1)   Why an arbitrary 2 percent limit on new tax revenues? No matter what increasing costs an individual community may face to provide public services, the bill limits growth in revenues to 2 percent.

2)   Why penalize growth? No matter how much property valuation grows in good times, the revenue limits would restrict the public services needed to service a growing community.

3)   Why penalize recovery from disaster? Reduced property value under tax levy limits will reduce revenue for critical public services in recovery.

4)   Why take local tax decisions out of the hands of locally elected officials? It’s never easy for local officials to raise taxes — taxes they also pay — but the bill substitutes the arbitrary will of state legislators for the judgment of board and council members the voters choose to make local decisions.

5)   Why hinder jobs, encouraging local cuts in public service jobs by putting special levies for employee benefits such as pensions under the new, artificial and arbitrary general revenue cap?

6)   Why encourage a reduction of health benefits for local public service employees by putting those costs under an arbitrary revenue cap?

7)   Why should a “no” vote count twice as much as a “yes” vote? That is the effect of the two-thirds super majority required to go above legislative mandated 2 percent revenue growth. Local officials would have to reach that threshold in many cases with actually more than two-thirds approval: four “yes” votes on a five-member board or council, five if there are seven members — and that is the case even if revenues exceeding 2 percent growth would mean a decrease in tax rates!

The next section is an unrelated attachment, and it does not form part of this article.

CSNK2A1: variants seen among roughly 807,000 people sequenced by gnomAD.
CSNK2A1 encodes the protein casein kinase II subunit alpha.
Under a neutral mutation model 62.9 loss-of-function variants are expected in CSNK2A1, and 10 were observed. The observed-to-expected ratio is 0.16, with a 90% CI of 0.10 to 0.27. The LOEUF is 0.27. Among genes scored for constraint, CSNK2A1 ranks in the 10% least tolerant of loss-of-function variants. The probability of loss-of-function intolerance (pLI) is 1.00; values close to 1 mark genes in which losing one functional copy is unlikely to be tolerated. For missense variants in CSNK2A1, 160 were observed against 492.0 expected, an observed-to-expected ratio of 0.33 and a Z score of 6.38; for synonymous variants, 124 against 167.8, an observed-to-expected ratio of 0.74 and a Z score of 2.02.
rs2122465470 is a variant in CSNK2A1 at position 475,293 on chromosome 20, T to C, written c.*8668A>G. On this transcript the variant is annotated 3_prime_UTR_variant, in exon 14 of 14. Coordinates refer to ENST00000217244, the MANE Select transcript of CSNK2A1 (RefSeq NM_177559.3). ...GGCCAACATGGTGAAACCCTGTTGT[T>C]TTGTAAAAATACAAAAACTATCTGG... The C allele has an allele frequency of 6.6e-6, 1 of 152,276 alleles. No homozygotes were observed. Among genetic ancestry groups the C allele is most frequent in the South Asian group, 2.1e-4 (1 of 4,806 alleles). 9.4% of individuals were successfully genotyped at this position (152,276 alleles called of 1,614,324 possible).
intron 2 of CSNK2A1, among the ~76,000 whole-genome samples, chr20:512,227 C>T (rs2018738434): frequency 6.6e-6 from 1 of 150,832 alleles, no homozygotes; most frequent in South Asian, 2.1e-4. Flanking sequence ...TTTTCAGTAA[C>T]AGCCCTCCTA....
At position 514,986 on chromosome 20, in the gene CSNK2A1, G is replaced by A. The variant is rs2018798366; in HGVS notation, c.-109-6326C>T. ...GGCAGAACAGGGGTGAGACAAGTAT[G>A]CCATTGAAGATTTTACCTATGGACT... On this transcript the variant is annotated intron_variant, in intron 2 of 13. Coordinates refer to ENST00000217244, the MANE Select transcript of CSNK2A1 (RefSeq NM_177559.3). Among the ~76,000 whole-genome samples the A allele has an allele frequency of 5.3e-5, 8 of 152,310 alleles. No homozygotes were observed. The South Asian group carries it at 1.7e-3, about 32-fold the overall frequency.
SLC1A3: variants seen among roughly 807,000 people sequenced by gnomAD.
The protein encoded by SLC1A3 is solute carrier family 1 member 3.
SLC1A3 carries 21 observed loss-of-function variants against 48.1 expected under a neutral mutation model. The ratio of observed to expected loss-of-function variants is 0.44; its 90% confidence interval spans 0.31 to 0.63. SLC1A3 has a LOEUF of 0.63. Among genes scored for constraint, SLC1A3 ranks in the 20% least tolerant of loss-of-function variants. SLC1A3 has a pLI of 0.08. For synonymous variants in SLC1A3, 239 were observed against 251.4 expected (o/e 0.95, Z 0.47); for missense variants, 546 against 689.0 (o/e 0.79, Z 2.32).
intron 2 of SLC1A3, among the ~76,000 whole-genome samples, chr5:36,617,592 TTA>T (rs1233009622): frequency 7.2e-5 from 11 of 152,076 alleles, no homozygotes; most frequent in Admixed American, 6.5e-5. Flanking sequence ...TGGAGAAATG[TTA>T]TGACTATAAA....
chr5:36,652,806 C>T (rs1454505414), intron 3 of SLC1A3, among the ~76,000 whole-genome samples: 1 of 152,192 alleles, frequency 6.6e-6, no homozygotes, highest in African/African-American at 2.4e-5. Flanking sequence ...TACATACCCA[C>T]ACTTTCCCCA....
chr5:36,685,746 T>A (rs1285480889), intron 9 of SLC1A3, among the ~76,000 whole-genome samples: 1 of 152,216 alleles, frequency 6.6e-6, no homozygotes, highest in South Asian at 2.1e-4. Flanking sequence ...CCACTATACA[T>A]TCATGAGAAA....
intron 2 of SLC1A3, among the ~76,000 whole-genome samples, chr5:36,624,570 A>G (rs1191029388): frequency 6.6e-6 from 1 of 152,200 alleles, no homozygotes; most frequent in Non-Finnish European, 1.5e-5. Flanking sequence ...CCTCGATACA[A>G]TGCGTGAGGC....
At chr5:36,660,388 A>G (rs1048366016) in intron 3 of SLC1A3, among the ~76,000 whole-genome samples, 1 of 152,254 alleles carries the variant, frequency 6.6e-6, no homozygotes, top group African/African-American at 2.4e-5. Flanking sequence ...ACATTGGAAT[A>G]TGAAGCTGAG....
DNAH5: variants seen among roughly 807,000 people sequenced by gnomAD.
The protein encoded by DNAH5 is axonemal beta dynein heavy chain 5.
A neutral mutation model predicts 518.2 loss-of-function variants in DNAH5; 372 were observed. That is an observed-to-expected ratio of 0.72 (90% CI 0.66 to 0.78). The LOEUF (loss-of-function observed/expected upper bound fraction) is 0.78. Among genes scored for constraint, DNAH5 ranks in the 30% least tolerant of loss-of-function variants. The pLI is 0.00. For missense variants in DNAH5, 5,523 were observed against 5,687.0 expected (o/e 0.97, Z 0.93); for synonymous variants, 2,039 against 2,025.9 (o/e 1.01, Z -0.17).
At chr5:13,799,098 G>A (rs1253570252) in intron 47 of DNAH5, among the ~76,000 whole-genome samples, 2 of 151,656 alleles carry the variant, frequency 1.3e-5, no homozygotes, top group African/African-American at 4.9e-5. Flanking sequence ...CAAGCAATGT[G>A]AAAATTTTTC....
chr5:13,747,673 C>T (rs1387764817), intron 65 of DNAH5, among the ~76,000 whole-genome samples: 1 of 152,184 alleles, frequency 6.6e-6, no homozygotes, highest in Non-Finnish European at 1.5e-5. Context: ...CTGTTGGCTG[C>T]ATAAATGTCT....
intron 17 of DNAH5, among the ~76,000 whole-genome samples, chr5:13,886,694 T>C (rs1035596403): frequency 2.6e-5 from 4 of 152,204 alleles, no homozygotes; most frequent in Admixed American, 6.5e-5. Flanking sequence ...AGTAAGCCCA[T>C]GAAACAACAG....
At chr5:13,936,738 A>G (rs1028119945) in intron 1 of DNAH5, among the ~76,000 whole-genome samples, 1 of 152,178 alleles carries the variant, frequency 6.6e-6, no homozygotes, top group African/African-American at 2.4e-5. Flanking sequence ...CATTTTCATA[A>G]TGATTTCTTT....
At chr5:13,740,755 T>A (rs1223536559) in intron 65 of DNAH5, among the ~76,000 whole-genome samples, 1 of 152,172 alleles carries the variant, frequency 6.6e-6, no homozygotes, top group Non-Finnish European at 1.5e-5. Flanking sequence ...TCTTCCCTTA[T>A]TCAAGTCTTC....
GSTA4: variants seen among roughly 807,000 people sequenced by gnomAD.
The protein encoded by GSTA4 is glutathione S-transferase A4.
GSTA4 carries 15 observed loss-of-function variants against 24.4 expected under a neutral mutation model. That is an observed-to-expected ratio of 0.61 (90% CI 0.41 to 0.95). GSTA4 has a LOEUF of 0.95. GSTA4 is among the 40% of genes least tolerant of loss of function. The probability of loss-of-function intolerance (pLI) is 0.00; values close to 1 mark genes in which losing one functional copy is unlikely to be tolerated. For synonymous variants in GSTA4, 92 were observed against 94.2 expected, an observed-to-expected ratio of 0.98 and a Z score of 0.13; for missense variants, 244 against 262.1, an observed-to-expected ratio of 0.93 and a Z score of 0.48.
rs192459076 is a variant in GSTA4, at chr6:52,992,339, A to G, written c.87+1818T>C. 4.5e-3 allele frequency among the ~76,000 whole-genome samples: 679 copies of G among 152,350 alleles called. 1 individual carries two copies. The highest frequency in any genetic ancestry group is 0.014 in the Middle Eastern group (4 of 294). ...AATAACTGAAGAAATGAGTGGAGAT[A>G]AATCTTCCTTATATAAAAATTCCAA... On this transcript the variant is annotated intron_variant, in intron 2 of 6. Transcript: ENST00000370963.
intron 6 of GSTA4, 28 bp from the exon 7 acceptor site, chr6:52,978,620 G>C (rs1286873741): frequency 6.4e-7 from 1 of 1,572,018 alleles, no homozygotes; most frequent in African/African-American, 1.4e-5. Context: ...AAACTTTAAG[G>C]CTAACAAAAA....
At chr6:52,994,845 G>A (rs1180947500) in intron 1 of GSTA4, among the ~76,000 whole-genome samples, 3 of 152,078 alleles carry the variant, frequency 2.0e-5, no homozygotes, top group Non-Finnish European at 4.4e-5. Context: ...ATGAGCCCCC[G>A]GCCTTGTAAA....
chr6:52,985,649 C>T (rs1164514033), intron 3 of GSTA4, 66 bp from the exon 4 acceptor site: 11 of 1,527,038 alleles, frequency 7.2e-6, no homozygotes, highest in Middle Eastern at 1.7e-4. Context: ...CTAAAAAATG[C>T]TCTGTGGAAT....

8)   Why reward backroom deals in the name of transparency? There was no opportunity for a public debate on this deal hatched in the waning hours of the legislative session. There was no transparency in the process.

Mike Owen is executive director of the nonpartisan Iowa Policy Project in Iowa City.

mikeowen@iowapolicyproject.org

 

Be sure to see this Iowa Fiscal Partnership backgrounder by Peter Fisher of the Iowa Policy Project for more information about the actual property tax trends in the state — trends ignored by proponents of the legislation who offered a false narrative about this issue.

Also see this blog by Peter Fisher.